Haystack TV Launches Interactive News Ticker on Roku

(Image credit: Haystack TV)

SAN FRANCISCO & LOS GATOS, Calif.—OTT news source Haystack TV has upped its game as a provider of viewer-specific personalized news with the launch of Newsline, a dynamic, interactive news ticker that gives Roku platform users of its app the ability to make quick jumps to breaking news via an interactive news crawl. 

The app relies on a new system of interactive overlays developed by Haystack TV, an ad-supported video-on-demand (AVOD) OTT service. Newsline lets viewers interact via news crawls to access local weather conditions, forecasts, weather alerts, stock market data, local news headlines, top stories and other news, including international, entertainment, business and science and technology stories, the company said.

“Innovation has long been the foundation of Haystack TV, and the introduction of Newsline reimagines TV news viewership and drives engagement for our growing user base,” said Haystack TV President and co-founder Ish Harshawat.

“Newsline is a feature that demonstrates how Haystack is reinventing the news watching experience by adding greater accessibility and interactivity.”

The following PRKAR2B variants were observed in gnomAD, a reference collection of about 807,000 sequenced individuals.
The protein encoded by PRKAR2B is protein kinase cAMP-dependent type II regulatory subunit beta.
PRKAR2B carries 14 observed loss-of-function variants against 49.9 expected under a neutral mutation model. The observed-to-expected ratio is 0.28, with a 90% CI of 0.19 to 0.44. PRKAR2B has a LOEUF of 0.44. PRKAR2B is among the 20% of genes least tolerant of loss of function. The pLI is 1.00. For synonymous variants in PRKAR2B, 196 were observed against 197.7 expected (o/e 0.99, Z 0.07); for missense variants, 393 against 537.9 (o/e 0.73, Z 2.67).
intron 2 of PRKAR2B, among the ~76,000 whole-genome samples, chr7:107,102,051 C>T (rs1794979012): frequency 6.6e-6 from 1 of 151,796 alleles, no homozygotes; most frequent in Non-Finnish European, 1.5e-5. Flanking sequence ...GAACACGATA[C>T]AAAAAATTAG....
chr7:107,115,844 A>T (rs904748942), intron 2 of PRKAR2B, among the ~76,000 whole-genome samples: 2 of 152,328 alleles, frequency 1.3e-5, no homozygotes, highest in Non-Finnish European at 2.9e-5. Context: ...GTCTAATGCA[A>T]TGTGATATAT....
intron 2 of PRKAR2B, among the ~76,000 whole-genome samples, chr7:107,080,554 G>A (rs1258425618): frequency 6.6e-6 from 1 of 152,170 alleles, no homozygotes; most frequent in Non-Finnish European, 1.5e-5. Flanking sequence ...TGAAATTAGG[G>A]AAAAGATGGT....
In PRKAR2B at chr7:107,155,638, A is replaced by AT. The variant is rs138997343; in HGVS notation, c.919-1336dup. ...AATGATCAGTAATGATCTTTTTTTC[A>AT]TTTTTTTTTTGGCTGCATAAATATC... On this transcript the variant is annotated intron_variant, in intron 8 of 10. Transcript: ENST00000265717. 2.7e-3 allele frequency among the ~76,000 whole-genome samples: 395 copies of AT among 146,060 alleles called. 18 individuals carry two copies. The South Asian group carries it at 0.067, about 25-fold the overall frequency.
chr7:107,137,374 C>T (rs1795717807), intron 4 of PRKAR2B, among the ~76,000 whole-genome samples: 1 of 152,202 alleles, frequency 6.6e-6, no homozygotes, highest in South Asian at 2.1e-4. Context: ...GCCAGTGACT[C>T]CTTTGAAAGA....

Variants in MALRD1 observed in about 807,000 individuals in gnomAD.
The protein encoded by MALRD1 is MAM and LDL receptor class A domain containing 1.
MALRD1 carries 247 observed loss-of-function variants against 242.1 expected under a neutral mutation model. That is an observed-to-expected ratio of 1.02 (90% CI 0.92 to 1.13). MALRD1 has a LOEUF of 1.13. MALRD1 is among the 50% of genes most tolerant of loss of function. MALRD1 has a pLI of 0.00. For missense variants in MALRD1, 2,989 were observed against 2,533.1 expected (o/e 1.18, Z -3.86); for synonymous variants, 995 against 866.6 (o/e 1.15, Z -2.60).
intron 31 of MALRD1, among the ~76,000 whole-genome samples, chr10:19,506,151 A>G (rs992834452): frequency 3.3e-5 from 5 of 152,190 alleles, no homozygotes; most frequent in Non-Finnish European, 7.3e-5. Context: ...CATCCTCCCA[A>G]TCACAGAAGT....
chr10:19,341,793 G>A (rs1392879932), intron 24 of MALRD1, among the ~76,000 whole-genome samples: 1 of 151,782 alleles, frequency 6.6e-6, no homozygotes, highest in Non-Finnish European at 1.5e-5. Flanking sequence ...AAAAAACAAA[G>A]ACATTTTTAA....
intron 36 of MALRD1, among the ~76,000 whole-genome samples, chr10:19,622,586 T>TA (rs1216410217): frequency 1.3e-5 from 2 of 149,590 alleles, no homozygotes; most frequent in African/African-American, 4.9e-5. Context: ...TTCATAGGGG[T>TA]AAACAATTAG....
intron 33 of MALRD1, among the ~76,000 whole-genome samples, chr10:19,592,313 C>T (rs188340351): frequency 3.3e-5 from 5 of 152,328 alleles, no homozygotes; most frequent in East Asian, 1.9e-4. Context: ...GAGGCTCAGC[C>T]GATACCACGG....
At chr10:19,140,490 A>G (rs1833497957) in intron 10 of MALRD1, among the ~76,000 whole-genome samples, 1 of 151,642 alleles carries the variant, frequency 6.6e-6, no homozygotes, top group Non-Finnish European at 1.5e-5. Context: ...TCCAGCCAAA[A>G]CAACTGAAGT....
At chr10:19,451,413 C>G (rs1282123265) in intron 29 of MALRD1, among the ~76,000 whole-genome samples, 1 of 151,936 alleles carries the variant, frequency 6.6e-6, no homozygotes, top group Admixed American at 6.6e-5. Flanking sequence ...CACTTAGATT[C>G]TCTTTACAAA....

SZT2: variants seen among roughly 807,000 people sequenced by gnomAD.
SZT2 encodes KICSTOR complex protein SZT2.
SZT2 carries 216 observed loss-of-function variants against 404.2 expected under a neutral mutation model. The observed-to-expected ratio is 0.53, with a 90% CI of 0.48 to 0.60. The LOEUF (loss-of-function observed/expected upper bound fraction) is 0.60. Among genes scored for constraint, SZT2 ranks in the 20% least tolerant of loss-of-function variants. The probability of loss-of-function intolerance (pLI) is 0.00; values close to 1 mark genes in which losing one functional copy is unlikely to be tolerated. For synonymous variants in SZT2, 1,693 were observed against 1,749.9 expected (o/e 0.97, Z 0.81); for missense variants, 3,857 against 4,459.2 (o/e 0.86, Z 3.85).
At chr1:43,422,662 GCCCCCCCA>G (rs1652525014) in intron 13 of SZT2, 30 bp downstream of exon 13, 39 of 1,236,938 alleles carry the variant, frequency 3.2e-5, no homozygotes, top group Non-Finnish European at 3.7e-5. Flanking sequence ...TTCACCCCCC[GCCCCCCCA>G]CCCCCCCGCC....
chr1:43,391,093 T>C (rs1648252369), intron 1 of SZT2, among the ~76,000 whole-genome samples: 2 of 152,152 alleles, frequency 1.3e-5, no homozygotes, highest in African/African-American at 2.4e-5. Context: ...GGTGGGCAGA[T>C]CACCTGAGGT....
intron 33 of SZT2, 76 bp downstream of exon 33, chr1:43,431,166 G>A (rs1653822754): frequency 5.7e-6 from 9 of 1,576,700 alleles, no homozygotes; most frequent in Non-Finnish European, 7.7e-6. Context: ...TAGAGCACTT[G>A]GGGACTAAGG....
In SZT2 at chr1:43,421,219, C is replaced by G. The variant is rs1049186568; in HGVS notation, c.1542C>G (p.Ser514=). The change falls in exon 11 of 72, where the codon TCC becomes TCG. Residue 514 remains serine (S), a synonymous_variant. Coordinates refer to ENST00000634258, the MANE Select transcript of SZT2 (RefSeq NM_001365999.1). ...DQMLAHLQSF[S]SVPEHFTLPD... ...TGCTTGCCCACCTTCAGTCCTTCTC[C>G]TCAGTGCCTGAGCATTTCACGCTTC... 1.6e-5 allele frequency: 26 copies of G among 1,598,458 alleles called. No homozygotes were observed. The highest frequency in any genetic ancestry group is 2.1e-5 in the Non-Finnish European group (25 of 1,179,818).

The new interactive ticker is the just the latest step in Haystack TV’s strategy of offering viewers customized news via its free AVOD OTT service. Viewers already can custom newscasts in their “My Headlines” channel by selecting news channels sorted by topical categories, such as “Coronavirus” and “Decision 2020.” Haystack then curates the news from each channel based on viewer selections.

Haystack TV offers local news and weather from broadcast stations covering 90% of the major metropolitan areas in the United States, including all of the top 30 DMAs.

Newsline is expected to become available on other supported smart TV and streaming platforms in the near future, the company said.

More information is available on the company’s website.

Phil Kurz

Phil Kurz is a contributing editor to TV Tech. He has written about TV and video technology for more than 30 years and served as editor of three leading industry magazines. He earned a Bachelor of Journalism and a Master’s Degree in Journalism from the University of Missouri-Columbia School of Journalism.